The FT’s Philip Stephens, Tony Blair’s biographer, pertinently remarks:Today’s elites should ask themselves just when it became acceptable for politicians to walk straight from public office into the boardroom; for central bank chiefs to sell themselves to US investment banks; and for business leaders to pay themselves whatever they pleased”. He continues:

“Now as after 1945, the boundaries between public and private have to change. At its simplest, establishing trust is about behaviour. . . The lesson Europe’s postwar political leaders drew from the societal collapses of the 1930s was that a sustainable equilibrium between democracy and capitalism had been shattered by market excesses.

“Citizens were unwilling to accept a model for the market that handed all the benefits to elites and imposed the costs on the poor. In the US, then president Franklin Delano Roosevelt responded with the New Deal. Europe waited until the continent had been reduced to rubble in 1945 before building what the British called the welfare state and continental governments called the European social model. Economic prosperity and political stability were the rewards.

“The present generation of politicians should learn from the experience. Defending a status quo that is manifestly unfair in its distribution of wealth and opportunity serves only to put weapons in the hands of populists . . .

“One way to start redrawing the boundaries would be to take on the big corporate monopolies that have eschewed wealth creation for rent-seeking; to oblige digital behemoths such as Google and Apple to pay more than token amounts of tax; to ensure immigration does not drive down wages; and to put in place worthwhile training alongside flexible markets”.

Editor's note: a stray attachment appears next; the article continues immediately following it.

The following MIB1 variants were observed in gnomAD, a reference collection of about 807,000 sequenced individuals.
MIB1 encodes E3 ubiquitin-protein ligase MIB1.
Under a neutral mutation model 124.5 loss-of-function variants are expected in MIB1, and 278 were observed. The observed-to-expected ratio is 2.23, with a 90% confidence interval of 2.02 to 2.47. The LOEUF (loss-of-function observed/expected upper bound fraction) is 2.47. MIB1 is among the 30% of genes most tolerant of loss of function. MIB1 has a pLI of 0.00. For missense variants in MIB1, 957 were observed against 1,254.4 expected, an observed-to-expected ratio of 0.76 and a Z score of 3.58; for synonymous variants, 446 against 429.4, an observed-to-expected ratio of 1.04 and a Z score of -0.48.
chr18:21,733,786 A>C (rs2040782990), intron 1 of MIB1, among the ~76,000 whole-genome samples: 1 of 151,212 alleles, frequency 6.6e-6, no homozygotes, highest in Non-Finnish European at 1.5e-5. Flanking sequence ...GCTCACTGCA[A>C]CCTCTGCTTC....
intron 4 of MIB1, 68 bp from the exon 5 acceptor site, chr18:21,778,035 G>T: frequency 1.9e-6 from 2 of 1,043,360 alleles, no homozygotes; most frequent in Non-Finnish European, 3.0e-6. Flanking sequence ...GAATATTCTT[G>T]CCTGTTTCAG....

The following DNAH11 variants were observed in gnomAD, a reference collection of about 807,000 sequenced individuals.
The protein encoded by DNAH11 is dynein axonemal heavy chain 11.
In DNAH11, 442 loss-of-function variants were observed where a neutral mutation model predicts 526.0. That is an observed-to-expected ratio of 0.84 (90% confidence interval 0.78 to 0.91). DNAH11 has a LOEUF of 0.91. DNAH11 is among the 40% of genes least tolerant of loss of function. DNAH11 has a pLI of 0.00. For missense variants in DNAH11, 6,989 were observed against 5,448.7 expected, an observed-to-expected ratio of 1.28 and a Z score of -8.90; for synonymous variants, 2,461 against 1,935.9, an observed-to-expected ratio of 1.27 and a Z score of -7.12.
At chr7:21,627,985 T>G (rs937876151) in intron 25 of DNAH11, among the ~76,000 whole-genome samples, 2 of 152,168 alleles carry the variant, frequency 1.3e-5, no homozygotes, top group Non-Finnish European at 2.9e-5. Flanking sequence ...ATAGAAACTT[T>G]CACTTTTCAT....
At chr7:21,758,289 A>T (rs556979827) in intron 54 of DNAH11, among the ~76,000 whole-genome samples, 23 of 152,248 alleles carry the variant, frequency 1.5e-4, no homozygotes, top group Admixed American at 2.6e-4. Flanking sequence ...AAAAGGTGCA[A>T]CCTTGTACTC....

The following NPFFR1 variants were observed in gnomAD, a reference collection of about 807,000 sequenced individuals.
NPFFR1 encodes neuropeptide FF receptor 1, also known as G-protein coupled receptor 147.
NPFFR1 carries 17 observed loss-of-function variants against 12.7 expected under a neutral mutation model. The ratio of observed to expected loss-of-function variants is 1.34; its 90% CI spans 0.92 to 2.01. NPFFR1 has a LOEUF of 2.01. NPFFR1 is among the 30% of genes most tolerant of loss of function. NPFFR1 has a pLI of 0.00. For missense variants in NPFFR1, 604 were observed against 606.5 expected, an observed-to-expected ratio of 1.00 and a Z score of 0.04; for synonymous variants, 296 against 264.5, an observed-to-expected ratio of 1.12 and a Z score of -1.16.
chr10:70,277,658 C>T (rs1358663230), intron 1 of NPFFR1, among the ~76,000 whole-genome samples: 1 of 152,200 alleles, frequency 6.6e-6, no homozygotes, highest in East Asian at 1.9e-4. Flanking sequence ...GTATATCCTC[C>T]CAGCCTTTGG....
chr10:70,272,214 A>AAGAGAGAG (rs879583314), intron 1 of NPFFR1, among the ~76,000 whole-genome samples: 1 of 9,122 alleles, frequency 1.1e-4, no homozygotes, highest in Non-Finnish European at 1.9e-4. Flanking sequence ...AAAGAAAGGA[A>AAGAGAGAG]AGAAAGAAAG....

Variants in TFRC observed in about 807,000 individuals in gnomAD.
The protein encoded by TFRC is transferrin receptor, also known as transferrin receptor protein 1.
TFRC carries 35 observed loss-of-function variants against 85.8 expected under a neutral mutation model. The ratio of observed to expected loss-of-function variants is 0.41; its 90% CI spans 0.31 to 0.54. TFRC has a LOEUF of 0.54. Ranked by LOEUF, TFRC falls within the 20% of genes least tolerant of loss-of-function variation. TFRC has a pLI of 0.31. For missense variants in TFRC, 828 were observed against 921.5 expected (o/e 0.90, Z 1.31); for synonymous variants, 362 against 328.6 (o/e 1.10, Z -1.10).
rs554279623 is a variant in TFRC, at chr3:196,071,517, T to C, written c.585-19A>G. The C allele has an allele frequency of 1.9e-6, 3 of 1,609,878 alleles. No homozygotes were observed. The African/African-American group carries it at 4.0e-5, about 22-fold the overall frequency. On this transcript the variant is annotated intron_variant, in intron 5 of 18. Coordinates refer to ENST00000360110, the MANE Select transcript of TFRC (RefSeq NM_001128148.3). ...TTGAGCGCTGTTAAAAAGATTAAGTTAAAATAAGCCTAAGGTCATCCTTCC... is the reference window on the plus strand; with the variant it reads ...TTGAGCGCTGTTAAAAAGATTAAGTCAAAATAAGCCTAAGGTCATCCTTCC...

The difference: Corbyn would act for altruistic reasons, but thepresent generation of politicians’ concede only to retain privilege

Stephens (right) ends by saying that what we need is a social market economy – combining the central elements of a free market (private property, free foreign trade, exchange of goods and free formation of prices) and universal health care, old-age pension and unemployment insurance as part of an extensive social security system

And most of this is precisely what Jeremy Corbyn, Britain’s Labour party leader, wholeheartedly supports. Though dismissed by Stephens as a ‘superannuated socialist’, he would uphold and enhance the system presently faced with public disgust at the ‘fat-cat’ political-corporate revolving door with its rewards for failure. This disgust is combined with anger at the austerity regime imposed by those currently in power, which prevents local authorities from continuing basic public services and deprives some of the least fortunate of food and decent housing.

 

 

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Farm Groups seek legislation: the AHDB quango should note their proposal

At the moment, due to imports, this country’s food security ratios are high – see map: